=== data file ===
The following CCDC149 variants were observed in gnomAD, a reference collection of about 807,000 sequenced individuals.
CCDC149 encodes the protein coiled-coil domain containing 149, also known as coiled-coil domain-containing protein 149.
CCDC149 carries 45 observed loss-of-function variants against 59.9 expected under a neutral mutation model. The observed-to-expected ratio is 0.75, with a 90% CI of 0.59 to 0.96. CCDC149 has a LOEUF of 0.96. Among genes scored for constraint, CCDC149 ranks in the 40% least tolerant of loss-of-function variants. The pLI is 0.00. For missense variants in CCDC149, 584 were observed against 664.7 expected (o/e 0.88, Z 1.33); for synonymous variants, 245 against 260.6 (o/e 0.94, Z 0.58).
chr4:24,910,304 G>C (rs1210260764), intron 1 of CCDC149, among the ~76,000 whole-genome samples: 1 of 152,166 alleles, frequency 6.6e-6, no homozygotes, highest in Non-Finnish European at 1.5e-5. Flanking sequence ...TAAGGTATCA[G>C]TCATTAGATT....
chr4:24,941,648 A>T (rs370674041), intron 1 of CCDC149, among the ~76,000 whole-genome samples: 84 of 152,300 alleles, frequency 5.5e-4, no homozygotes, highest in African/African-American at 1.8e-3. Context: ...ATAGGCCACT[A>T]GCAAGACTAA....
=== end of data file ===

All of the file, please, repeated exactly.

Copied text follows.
The following CCDC149 variants were observed in gnomAD, a reference collection of about 807,000 sequenced individuals.
CCDC149 encodes the protein coiled-coil domain containing 149, also known as coiled-coil domain-containing protein 149.
CCDC149 carries 45 observed loss-of-function variants against 59.9 expected under a neutral mutation model. The observed-to-expected ratio is 0.75, with a 90% CI of 0.59 to 0.96. CCDC149 has a LOEUF of 0.96. Among genes scored for constraint, CCDC149 ranks in the 40% least tolerant of loss-of-function variants. The pLI is 0.00. For missense variants in CCDC149, 584 were observed against 664.7 expected (o/e 0.88, Z 1.33); for synonymous variants, 245 against 260.6 (o/e 0.94, Z 0.58).
chr4:24,910,304 G>C (rs1210260764), intron 1 of CCDC149, among the ~76,000 whole-genome samples: 1 of 152,166 alleles, frequency 6.6e-6, no homozygotes, highest in Non-Finnish European at 1.5e-5. Flanking sequence ...TAAGGTATCA[G>C]TCATTAGATT....
chr4:24,941,648 A>T (rs370674041), intron 1 of CCDC149, among the ~76,000 whole-genome samples: 84 of 152,300 alleles, frequency 5.5e-4, no homozygotes, highest in African/African-American at 1.8e-3. Context: ...ATAGGCCACT[A>T]GCAAGACTAA....